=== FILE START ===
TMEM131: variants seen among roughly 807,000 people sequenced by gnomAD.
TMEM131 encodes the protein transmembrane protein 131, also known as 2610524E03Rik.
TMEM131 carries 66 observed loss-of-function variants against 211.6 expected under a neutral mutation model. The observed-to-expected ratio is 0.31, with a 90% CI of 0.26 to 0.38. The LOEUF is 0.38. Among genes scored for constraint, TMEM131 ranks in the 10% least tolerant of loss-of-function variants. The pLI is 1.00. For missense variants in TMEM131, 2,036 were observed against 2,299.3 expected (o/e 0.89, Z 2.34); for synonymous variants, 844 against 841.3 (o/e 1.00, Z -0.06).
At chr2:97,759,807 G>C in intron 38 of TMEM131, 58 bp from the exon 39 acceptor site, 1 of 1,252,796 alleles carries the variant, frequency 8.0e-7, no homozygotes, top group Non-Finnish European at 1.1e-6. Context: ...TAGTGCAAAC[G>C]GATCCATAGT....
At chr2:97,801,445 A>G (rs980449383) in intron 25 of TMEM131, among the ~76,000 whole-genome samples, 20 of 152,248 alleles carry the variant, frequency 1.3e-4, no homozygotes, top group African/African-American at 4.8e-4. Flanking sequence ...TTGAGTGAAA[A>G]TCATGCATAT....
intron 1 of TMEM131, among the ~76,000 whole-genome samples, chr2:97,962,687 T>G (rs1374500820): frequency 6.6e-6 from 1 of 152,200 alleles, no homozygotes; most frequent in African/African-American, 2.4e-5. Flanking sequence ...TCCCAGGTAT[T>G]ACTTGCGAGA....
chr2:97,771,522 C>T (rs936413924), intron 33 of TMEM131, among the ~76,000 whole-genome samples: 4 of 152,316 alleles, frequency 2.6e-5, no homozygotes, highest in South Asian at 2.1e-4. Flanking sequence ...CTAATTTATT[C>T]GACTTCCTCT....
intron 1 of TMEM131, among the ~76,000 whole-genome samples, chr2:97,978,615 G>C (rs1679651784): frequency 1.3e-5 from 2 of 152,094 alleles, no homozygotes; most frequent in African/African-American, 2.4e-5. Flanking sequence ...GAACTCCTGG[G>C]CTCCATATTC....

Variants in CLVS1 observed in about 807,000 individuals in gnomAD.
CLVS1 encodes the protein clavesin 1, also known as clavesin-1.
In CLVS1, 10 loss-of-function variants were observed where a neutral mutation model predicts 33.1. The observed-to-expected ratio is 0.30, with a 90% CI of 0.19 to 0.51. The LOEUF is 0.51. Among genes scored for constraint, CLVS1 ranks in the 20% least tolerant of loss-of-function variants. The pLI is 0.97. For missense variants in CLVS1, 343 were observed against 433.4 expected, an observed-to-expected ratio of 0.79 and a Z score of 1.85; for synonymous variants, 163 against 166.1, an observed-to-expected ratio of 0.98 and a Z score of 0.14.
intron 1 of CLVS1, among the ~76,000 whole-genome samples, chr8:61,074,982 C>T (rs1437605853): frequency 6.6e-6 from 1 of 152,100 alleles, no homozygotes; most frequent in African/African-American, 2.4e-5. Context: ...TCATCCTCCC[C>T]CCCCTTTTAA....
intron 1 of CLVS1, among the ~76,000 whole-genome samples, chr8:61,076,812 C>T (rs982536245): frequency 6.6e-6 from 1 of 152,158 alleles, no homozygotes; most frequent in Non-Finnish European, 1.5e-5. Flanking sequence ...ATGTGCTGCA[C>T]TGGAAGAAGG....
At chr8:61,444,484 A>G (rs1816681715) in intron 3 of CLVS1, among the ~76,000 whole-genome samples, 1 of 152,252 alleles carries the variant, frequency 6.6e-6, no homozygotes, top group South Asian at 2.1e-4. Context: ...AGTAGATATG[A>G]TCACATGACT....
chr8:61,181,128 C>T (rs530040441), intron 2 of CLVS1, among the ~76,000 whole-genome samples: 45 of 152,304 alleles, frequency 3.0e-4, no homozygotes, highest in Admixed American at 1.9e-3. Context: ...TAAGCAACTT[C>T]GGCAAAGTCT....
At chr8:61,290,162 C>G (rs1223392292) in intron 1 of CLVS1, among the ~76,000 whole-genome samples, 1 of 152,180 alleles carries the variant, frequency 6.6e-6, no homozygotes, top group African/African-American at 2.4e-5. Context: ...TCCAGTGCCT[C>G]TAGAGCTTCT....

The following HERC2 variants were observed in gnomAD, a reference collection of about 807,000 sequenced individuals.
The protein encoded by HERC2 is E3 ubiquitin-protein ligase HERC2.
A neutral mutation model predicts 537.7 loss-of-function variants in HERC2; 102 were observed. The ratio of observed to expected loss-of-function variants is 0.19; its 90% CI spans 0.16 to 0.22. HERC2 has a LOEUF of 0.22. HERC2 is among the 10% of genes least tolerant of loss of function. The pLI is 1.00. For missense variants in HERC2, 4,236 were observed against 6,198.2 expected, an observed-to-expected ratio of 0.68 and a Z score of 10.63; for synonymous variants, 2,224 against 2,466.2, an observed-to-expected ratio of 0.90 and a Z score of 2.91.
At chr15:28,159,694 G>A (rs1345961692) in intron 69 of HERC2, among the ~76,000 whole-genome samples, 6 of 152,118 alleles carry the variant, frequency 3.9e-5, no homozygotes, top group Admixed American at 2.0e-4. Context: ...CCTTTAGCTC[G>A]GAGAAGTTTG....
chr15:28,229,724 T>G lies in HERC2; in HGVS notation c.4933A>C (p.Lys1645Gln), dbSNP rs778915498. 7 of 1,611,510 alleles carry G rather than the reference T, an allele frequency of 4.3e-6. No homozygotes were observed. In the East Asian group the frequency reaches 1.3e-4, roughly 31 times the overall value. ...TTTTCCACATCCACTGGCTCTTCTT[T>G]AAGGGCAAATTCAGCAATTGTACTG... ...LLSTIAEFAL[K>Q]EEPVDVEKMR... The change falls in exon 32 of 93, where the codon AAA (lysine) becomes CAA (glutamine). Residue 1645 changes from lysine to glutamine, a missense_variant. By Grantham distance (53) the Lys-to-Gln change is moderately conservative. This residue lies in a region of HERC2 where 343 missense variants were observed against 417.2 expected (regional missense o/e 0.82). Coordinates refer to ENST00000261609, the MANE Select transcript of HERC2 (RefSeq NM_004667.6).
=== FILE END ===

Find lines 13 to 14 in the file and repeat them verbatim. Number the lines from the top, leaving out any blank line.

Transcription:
intron 1 of CLVS1, among the ~76,000 whole-genome samples, chr8:61,076,812 C>T (rs982536245): frequency 6.6e-6 from 1 of 152,158 alleles, no homozygotes; most frequent in Non-Finnish European, 1.5e-5. Flanking sequence ...ATGTGCTGCA[C>T]TGGAAGAAGG....
At chr8:61,444,484 A>G (rs1816681715) in intron 3 of CLVS1, among the ~76,000 whole-genome samples, 1 of 152,252 alleles carries the variant, frequency 6.6e-6, no homozygotes, top group South Asian at 2.1e-4. Context: ...AGTAGATATG[A>G]TCACATGACT....